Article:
Subject: Re: Making  a Ristretto shot
 

Okay, do you have any suggestions how to make my latte less strong.  I like the ristretto shot because I find the full shot too strong and bitter.  (BTW, my father gets fresh beens which he roasts and grinds and has offered to supply me with coffee to use with my moka express.
Thanks for your thoughts.
katkoehler
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NobbyR
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NobbyR
Joined: 10 Jul 2011
Posts: 2,023
Location: Germany
Expertise: I love coffee

Espresso: Poccino Opus One, Ariete
Grinder: Eureka Mignon Istantaneo
Vac Pot: N/A
Drip: Melitta Linea Unica de Luxe
Roaster: N/A
Posted Mon Aug 15, 2011, 8:30am
Subject: Re: Making  a Ristretto shot
 

katkoehler Said:

...I like the ristretto shot because I find the full shot too strong and bitter...

Posted August 15, 2011 link

At home it's probably more a problem of brewing technique. The water in a vac pot usually gets too hot for making espresso (apart from not being able to build up enough pressure).

 
***
"This drink of the Satan is so delicious that it would be a shame to leave it to the infidels." (Pope Clement VIII on coffee, when he was urged to ban the beverage)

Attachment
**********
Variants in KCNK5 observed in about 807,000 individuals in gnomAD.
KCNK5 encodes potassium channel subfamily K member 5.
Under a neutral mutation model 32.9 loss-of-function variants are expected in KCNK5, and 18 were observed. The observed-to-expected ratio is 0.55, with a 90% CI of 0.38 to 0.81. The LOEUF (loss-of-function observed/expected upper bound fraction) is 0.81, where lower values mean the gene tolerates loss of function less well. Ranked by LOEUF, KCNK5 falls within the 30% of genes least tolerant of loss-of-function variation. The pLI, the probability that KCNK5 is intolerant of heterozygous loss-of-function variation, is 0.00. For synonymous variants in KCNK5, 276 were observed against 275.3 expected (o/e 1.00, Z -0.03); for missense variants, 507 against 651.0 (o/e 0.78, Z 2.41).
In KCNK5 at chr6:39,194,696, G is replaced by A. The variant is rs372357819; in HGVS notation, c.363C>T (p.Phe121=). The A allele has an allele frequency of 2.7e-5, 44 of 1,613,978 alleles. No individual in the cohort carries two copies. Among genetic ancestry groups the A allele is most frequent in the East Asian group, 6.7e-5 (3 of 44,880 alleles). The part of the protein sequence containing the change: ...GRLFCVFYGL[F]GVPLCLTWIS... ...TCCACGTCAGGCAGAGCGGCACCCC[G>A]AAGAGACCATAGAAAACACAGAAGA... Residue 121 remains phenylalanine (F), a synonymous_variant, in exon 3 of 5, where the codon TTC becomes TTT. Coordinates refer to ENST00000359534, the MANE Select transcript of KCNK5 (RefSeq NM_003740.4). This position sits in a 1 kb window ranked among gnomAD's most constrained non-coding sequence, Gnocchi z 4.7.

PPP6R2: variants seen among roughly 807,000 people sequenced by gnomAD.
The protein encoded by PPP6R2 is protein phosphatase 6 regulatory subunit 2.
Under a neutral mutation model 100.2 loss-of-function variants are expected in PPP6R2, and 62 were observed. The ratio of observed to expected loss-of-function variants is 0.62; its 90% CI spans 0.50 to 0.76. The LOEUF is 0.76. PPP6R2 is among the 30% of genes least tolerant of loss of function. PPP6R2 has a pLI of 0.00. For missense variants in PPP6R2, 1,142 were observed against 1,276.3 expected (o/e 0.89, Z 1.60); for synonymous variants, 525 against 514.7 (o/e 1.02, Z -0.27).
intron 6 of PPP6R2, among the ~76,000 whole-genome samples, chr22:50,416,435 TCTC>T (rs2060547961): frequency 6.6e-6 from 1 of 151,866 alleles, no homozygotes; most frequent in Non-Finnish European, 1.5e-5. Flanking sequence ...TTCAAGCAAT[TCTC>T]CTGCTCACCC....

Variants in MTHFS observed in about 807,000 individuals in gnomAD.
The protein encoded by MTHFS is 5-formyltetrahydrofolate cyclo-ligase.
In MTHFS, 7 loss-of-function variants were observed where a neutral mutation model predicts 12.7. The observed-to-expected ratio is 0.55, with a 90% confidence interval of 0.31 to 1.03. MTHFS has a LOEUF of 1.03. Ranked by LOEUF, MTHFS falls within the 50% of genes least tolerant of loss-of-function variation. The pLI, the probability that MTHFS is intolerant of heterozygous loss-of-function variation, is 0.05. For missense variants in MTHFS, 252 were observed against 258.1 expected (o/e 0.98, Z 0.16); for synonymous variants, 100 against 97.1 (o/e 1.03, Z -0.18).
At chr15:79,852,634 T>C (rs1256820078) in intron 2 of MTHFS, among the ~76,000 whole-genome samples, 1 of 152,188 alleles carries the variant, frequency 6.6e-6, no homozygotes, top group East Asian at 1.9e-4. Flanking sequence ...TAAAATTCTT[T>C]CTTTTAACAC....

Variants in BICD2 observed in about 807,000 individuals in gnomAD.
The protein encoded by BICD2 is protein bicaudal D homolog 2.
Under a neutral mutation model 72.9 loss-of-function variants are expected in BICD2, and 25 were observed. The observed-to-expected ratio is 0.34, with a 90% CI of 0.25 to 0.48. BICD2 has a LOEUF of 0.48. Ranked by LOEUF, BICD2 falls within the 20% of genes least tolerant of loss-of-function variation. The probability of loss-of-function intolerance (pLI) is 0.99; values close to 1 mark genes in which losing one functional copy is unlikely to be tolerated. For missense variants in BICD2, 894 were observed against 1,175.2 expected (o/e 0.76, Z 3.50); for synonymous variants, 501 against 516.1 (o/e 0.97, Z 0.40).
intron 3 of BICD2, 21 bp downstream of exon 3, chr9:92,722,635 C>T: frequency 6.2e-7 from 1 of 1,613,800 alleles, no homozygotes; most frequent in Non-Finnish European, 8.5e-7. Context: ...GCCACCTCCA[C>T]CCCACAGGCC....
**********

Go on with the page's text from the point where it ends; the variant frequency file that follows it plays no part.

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fnacer
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Joined: 25 Feb 2007
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Location: Denver
Expertise: I love coffee

Espresso: Salvatore E61, Vivaldi Mini...
Grinder: Mazzer Mini, Gaggia MDF,...
Roaster: Behmor 1600
Posted Mon Aug 15, 2011, 2:25pm
Subject: Re: Making  a Ristretto shot
 

Have you considered a stove top steamer? There are a couple of models out there, one of which uses the same bottom half as the Moka pot. The one I used to use worked much better than any of the low-end espresso machines I've owned.
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katkoehler
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Joined: 26 Dec 2010
Posts: 5
Location: Vancouver
Expertise: I like coffee

Posted Mon Aug 15, 2011, 3:48pm
Subject: Re: Making  a Ristretto shot
 

Thanks for the suggestion.  I will look into it.
katkoehler
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ZhaRnotczar
Senior Member


Joined: 22 Jul 2011
Posts: 6
Expertise: Just starting

Posted Tue Aug 16, 2011, 1:07am
Subject: Re: Making  a Ristretto shot